I recently received a package from a farmer in Fujian, China. Filled with individually-wrapped samples of various 岩茶 yánchá (“cliff tea”) from the ancient tea producing region of Wuyishan. Wanting to test each tea and assess their flavors without distraction, I set about creating a minimal tea space in the center of my brightly-lit apartment in New York City.
In the clear, bright light of the mid-Summer’s day, I could easily discern the various qualities of each teas’ leaves. Opting to do a “focused tasting”, where I would methodically work through teas based on variety, I decided to first test several 肉桂 Ròuguì (lit. “cinnamon”, referring to the characteristic flavor of the tea).
Opening up the first package of tea, I carefully set the long, twisted leaves atop an old 白銅 báitóng (lit. “white copper”) tea scoop in the shape of a banana leaf. In the bright light of the day, I could instantly note aspects of the tea’s overall health, care taken during production, oxidation level, and degree of subsequent final roasting done by the tea master in Wuyishan. Pockets of red intermixed with darker shades hinted at mid-level roasting, one meant to preserve complexity of the tea’s original flavor, supported by layers of roasted flavors.
Placed within a warm and wetted white porcelain 蓋碗 gàiwǎn (“lidded bowl”), the rich aroma of the tea began to lift upward, foreshadowing flavors to come.
As the mid-afternoon began, I sat before my tools for tasting: the white gàiwǎn, a matching white porcelain 潮州茶船 Cháozhōu chá chuán (lit. “Chaozhou tea boat”) and white porcelain tasting cup. These, plus a kettle of boiling water, were all I needed to assess the qualities this tea had to offer.
Pouring the first round of hot water over the leaves, a light foam arose from the coiled bundle of tea that sat submerged in the tiny porcelain vessel. From this, I could determine how oily the tea would be (something I often look for in a high quality yánchá).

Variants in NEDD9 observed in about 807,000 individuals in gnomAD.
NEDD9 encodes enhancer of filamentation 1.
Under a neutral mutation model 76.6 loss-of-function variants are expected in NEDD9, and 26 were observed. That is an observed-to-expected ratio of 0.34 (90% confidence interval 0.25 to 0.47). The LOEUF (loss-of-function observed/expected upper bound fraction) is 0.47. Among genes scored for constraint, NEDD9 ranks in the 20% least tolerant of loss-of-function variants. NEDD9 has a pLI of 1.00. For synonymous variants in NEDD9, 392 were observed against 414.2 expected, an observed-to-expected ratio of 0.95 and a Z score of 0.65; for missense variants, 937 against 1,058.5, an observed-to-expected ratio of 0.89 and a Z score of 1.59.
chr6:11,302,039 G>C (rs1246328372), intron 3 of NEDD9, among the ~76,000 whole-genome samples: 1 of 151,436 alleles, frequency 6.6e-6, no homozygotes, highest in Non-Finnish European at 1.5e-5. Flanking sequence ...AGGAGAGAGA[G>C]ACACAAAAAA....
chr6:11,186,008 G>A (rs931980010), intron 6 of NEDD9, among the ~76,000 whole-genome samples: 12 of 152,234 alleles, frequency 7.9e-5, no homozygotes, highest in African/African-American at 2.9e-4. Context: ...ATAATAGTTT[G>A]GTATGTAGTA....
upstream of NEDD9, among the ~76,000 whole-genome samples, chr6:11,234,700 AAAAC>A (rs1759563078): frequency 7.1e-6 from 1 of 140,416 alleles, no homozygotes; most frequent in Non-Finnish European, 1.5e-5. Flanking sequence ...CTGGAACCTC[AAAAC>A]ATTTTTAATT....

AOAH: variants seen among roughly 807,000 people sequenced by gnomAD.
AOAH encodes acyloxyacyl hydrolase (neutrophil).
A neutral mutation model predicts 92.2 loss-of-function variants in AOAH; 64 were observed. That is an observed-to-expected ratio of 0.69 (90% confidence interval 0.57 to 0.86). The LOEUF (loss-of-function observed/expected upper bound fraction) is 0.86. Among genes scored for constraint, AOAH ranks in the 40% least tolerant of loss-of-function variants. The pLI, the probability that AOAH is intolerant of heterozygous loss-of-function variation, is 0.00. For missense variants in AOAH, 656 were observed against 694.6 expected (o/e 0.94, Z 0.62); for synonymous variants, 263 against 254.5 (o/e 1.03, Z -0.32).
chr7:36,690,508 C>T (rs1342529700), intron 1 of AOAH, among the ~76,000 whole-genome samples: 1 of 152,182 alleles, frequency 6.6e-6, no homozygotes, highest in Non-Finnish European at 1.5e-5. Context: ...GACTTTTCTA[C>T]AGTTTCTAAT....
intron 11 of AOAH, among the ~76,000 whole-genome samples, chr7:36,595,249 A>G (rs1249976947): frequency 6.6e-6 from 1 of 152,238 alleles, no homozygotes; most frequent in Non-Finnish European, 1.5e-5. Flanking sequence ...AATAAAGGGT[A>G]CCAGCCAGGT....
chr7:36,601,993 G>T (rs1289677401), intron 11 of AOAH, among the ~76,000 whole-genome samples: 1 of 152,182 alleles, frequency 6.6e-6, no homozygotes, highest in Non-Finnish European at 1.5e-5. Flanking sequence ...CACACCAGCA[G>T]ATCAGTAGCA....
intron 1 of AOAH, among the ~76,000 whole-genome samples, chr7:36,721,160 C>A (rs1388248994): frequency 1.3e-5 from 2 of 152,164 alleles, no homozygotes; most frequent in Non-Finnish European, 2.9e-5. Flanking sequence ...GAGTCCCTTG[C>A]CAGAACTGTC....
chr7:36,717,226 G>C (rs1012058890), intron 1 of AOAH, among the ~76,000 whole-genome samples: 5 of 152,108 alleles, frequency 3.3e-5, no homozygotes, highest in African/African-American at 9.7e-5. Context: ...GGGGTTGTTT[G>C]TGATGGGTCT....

Placing the lid atop the gàiwǎn, I waited for the tea to steep, using the small space between the lid and the bowl to see the color of the tea liqueur darken with time.
Once ready, I fully decanted the tea, letting the now unfurled leaves rest in the gàiwǎn for the next brew, an opportunity for me to further investigate their physical attributes.
Finally, tea in cup, I admired its color; a deep reddish brown, akin to a burnt umber. Next, lifting the cup to my nose, I assessed it fragrance. Sweet aromas of chestnut and spices intermingled with notes of peppercorn, roasted barley, and the haunting scent of incense.
Lastly, I sipped the tea, slurping as I aerated the tea liqueur across my soft palete to enhance my ability to taste the tea’s flavor. Layers upon layers of spice notes, cacao, wet limestone, bittersweet chocolate, caramelized sugar, and cinnamon bark flooded my senses. Even after the tea had been fully consumed, the flavor lingered on.
Breathing out again produced a residual sensation, a cool, slick finish and the characteristic 岩韻 yányùn (lit. “rock/cliff rhyme”). This, classically, is defined through five distinctive points found in all great yánchá of Wuyishan: 活 huó (liveliness), 甘 gān (sweetness), 清 qīng (clarity, pertaining to the liqueur and taste), 香 xiāng (fragrance), and 岩骨 yángǔ (lit. “rock bones”, as if the tea has substance or the heartiness of eating meat).
Not content with drinking just the first steeping, I continued long through the remainder of the afternoon brewing cup after cup of this tea. Even as the day wore on and my partner returned home from work, I invited her to join in on the appreciation of this fine tea. Brewed in a simple white porcelain gàiwǎn, enjoyed with small white porcelain cups, each acted as a mirror upon tea, reflecting back to us the complex and shifting flavors of this superb Ròuguì yánchá in the bright light of the mid-Summer’s day.
If you would like to learn more about Wuyishan’s many varieties of classically-crafted yánchá by experiences them directly, I hope to soon offer some of my favorites through connections I’ve collected throughout my years in tea. If you are interested to learn more, and perhaps would like to purchase some of these select teas, please do not hesitate to reach out to me.
Additionally, I cannot help but to give credit where credit is due to Austin Hodge of Seven Cups Tea. His eloquent definition of 岩韻 yányùn, as well as his detailed information about yánchá was a great help to my developing of this article. You can find his full write up on yánchá here on his website.